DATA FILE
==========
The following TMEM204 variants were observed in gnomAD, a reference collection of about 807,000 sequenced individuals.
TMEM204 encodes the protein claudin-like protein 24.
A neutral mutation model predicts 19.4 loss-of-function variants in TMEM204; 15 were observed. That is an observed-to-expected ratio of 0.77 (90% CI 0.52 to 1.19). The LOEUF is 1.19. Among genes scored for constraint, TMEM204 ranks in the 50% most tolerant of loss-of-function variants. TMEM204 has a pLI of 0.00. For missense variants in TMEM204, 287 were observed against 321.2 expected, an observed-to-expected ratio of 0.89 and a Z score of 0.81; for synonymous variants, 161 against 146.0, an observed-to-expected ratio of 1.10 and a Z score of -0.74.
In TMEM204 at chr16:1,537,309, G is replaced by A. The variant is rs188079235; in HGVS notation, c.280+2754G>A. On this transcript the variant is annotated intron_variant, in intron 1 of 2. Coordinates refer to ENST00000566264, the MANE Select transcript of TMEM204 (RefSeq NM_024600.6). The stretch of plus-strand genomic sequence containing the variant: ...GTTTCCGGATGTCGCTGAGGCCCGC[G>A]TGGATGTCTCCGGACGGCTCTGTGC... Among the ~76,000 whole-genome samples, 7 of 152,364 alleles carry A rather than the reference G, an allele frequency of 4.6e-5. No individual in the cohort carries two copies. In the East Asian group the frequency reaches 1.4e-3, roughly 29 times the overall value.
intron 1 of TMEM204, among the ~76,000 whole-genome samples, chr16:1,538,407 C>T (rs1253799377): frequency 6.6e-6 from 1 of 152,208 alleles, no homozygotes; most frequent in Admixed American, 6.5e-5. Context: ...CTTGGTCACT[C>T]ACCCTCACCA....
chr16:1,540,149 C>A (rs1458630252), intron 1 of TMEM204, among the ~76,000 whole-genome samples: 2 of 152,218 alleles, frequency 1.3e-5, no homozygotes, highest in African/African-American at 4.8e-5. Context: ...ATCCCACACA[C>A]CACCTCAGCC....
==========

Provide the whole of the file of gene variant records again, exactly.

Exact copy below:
The following TMEM204 variants were observed in gnomAD, a reference collection of about 807,000 sequenced individuals.
TMEM204 encodes the protein claudin-like protein 24.
A neutral mutation model predicts 19.4 loss-of-function variants in TMEM204; 15 were observed. That is an observed-to-expected ratio of 0.77 (90% CI 0.52 to 1.19). The LOEUF is 1.19. Among genes scored for constraint, TMEM204 ranks in the 50% most tolerant of loss-of-function variants. TMEM204 has a pLI of 0.00. For missense variants in TMEM204, 287 were observed against 321.2 expected, an observed-to-expected ratio of 0.89 and a Z score of 0.81; for synonymous variants, 161 against 146.0, an observed-to-expected ratio of 1.10 and a Z score of -0.74.
In TMEM204 at chr16:1,537,309, G is replaced by A. The variant is rs188079235; in HGVS notation, c.280+2754G>A. On this transcript the variant is annotated intron_variant, in intron 1 of 2. Coordinates refer to ENST00000566264, the MANE Select transcript of TMEM204 (RefSeq NM_024600.6). The stretch of plus-strand genomic sequence containing the variant: ...GTTTCCGGATGTCGCTGAGGCCCGC[G>A]TGGATGTCTCCGGACGGCTCTGTGC... Among the ~76,000 whole-genome samples, 7 of 152,364 alleles carry A rather than the reference G, an allele frequency of 4.6e-5. No individual in the cohort carries two copies. In the East Asian group the frequency reaches 1.4e-3, roughly 29 times the overall value.
intron 1 of TMEM204, among the ~76,000 whole-genome samples, chr16:1,538,407 C>T (rs1253799377): frequency 6.6e-6 from 1 of 152,208 alleles, no homozygotes; most frequent in Admixed American, 6.5e-5. Context: ...CTTGGTCACT[C>T]ACCCTCACCA....
chr16:1,540,149 C>A (rs1458630252), intron 1 of TMEM204, among the ~76,000 whole-genome samples: 2 of 152,218 alleles, frequency 1.3e-5, no homozygotes, highest in African/African-American at 4.8e-5. Context: ...ATCCCACACA[C>A]CACCTCAGCC....